GARY EDWARD KEILLOR, who adopted the fancy-pants name "Garrison," taped his last "Prairie Home Companion" last night in Hollywood. It will be broadcast in Houston today in its usual spot, late this afternoon on public radio.
Mr. Keillor is a gifted man, no doubt. Thought he's four years too old to be a Baby Boomer, himself, he spoke for the boomer generation with . . .
I'm honored that you stop by occasionally to read Unca Darrell. And I deeply regret that I have posted very little in recent days. Believe me, as Mr. Trump is fond of saying, tiny right hand chopping the air, index finger aloft -- Believe me, I'm sitting on a bunch of really good stuff. Absolutely first class stuff. The best stuff ever. Everybody says so. But life is more important than blogging, and I have reached a point where . . .
UNCA D is an unrepentant declinist. I believe the United States has made a potentially irreversible u-turn away from the values, institutions, and processes that have made it such a good and remarkable place. Read my old blogs for facts and arguments.
Now come two public thinkers of considerable consequence to argue "the case for global optimism." The writers are . . .
FOR THE HOUSTON CHRONICLE, the term is reserved almost exclusively for liberal action groups and inspector generals of government agencies of which the newspaper approves.
"Watchdog," of course, is an inexact term. In theory, any person or organization that digs up dirt on another person or organization could win the honorific title. For the Chronicle, however, it's a connotative signal of approval, a pat on the head, a "good boy" treat, a thumbs-up to readers.
A quick search for "watchdog" through the newspaper's search site turned up these examples on page one of the results:
. . . America and Western Civilization -- a quick flip through "Harper's" magazine of September 1975, the early Lewis H. Lapham years.
Page 16. Peter H. Schuck. "Why Regulation Fails: A case for the reform of federal regulatory agencies."
To a surprising extent [ liberals and conservatives] agree upon the central elements of the regulator crimes: inflation of costs to consumers; encouragement of inefficiency in critical sectors of the economy; the stifling of innovation; the corruption of the political and administrative forces in our economy.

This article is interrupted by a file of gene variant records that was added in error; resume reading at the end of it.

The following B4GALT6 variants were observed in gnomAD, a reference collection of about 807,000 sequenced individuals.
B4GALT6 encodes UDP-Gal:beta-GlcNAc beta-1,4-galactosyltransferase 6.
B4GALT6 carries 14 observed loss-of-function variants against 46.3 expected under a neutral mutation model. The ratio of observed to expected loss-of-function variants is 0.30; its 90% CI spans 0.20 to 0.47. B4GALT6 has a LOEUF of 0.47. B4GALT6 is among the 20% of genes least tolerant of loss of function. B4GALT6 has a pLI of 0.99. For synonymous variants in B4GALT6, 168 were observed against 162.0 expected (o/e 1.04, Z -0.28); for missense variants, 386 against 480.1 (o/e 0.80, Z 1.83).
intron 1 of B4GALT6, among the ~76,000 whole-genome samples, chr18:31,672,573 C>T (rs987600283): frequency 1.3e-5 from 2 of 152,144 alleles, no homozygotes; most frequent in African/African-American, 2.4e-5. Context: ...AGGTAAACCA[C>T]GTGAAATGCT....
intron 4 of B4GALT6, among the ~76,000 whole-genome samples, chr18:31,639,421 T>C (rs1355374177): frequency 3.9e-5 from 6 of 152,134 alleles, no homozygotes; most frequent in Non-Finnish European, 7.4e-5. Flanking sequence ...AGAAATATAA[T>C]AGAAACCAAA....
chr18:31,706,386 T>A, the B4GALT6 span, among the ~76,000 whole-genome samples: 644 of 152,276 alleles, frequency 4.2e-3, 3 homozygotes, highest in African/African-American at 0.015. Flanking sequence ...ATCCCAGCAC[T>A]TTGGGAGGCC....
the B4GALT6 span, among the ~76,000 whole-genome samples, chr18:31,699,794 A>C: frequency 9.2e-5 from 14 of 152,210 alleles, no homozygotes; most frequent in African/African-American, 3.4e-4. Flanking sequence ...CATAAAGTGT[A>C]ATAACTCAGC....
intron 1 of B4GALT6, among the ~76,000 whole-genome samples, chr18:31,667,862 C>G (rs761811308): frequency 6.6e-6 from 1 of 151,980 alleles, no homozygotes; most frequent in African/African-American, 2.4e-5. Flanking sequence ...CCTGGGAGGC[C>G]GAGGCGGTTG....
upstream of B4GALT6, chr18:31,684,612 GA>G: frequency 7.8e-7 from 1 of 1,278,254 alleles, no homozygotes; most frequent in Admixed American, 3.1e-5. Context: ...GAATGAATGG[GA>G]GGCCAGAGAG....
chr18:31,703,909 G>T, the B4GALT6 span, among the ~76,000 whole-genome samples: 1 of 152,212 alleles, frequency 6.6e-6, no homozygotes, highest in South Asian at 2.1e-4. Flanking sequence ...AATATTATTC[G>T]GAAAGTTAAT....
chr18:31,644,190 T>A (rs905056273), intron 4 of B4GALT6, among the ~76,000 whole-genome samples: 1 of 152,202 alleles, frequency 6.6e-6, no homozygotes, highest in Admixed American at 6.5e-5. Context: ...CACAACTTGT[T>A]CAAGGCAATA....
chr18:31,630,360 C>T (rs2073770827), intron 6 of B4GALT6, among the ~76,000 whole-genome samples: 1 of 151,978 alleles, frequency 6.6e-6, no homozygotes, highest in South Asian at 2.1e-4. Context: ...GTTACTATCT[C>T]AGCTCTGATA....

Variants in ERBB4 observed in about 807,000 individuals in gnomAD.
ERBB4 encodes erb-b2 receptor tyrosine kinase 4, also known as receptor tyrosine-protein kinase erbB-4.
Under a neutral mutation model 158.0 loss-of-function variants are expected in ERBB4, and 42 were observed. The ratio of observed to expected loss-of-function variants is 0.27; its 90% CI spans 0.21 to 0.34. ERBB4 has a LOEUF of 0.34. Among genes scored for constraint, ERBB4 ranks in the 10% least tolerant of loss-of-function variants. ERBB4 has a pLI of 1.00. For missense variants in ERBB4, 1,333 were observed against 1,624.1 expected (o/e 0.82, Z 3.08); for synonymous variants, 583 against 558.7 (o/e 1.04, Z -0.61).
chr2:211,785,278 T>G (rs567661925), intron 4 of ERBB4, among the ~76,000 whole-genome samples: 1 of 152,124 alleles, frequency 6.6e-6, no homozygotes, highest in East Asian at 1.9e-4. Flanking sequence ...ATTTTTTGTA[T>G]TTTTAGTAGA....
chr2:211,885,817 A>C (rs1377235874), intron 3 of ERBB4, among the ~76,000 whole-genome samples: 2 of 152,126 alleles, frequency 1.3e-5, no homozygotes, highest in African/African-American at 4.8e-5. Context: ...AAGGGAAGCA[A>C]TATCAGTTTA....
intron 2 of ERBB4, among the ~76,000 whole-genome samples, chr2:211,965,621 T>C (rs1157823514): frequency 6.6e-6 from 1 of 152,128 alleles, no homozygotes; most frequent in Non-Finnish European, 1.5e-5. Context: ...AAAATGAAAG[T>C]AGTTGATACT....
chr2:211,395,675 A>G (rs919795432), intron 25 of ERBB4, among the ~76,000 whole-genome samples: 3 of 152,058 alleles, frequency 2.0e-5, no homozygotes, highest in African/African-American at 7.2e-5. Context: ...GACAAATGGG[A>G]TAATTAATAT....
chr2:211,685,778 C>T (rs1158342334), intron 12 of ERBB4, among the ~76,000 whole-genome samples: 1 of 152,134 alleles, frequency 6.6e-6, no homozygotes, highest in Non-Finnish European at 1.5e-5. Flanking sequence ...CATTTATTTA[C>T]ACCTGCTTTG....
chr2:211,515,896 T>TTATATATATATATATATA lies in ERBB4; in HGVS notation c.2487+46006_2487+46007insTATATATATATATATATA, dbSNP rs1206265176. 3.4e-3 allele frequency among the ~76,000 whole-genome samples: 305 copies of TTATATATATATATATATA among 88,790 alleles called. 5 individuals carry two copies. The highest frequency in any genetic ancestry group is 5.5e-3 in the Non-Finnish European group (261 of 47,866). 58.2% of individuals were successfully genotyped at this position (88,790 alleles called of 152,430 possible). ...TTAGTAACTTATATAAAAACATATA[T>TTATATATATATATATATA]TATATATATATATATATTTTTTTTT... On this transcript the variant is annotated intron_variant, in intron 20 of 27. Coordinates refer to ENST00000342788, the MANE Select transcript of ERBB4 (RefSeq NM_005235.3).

The consensus is long past. The left today prefers rule by the administrative state over self-government.
Page 38. Andrew Sarris, "The Myth of Old Movies."
Until very recently the experience of moviegoing was mercifully free of the stigma of culture. There were no courses on the subject, no obligations, and no imperatives. We went to the movies and we came back home. The movies themselves came and went and almost never returned. Old movies, like old cars, were products for capitalistic consumption, to be discarded for newer models that supposedly had all the latest improvements in design and technology.
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. . . . Old movies are a precious heritage, and, properly decoded, they tell us more than we may want to acknowledge about the true fantasies of human nature. It is also well for the modernists in our midst to remember that all our spankingly brand-new movies will soon -- too soon -- be old movies.
Page 45. Garry Wills, "Hurrah for Politicians: Credit where credit is due."
Politicians have many virtues that ignorant people take for vices. The principal ones are: (1) compromise of principle; (2) egotism; (3) mediocrity. In other men these may be vices; but for a politicians they are needed skills -- so much so that, if a politician is not born with them, he must learn them; and if he does not learn them, he will either fail himself or do harm to others, as Eugene McCarthy did.
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Of course there are occasions when a politician must compromise, and therefore does. So do we all. . . . The real test of a politician comes when he does not have to compromise, yet finds a way to do so.
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It is no accident that most of our politicians were educated as lawyers. Of the fourteen Presidents in this century [through Gerald Ford], only four have not been lawyers -- Harding, Hoover, Truman, and Eisenhower. . . .
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[The] critics of the lawyer background shared by so many of our politicians are dead wrong. No better training could be found for them. . . .
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It is widely believed that men become politicians to enrich themselves or to wield power. They are not above such considerations, because none of us is. But neither are they signally vulnerable to them. Most politicians have the gifts -- ambition, education, industry obsequiousness -- to make money in any pursuit, and most could in fact make more money outside politics.
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The politician's ego is a very specialized instrument. It is insatiable, yet yielding -- to get what it wants it will do many tasks not only difficult but demeaning. . . .
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People who do not have that particular kind of ego do not get into politics, or are soon forced out. . . .
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The old saying was that anybody could grow up to become President in America. That was a lie for most of the populace -- women, blacks, Indians, Jews, Catholics, the uneducated, the poor. It was also an insult -- most Americans are too bright, or quirky, or interesting to be politicians. On the other hand, not every politicians is born mediocre. Some have learned to be. It is not easy.
. . . . Eugene McCarthy spent a good deal of time trying to prove he was too good for politics. But of what use is that? Most of us are too good for politics; but we do not make a career of demonstrating it.
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. . . . I speak with no irony when I say [politicians] have constructive faults. They old lament is familiar: Quantula sapientia mudus regitur. How ignorantly we are ruled. That misses the point. There is no other way we could be ruled representatively. Virtue and brilliance are uncommon, volatile, distrusted. We need men we can trust.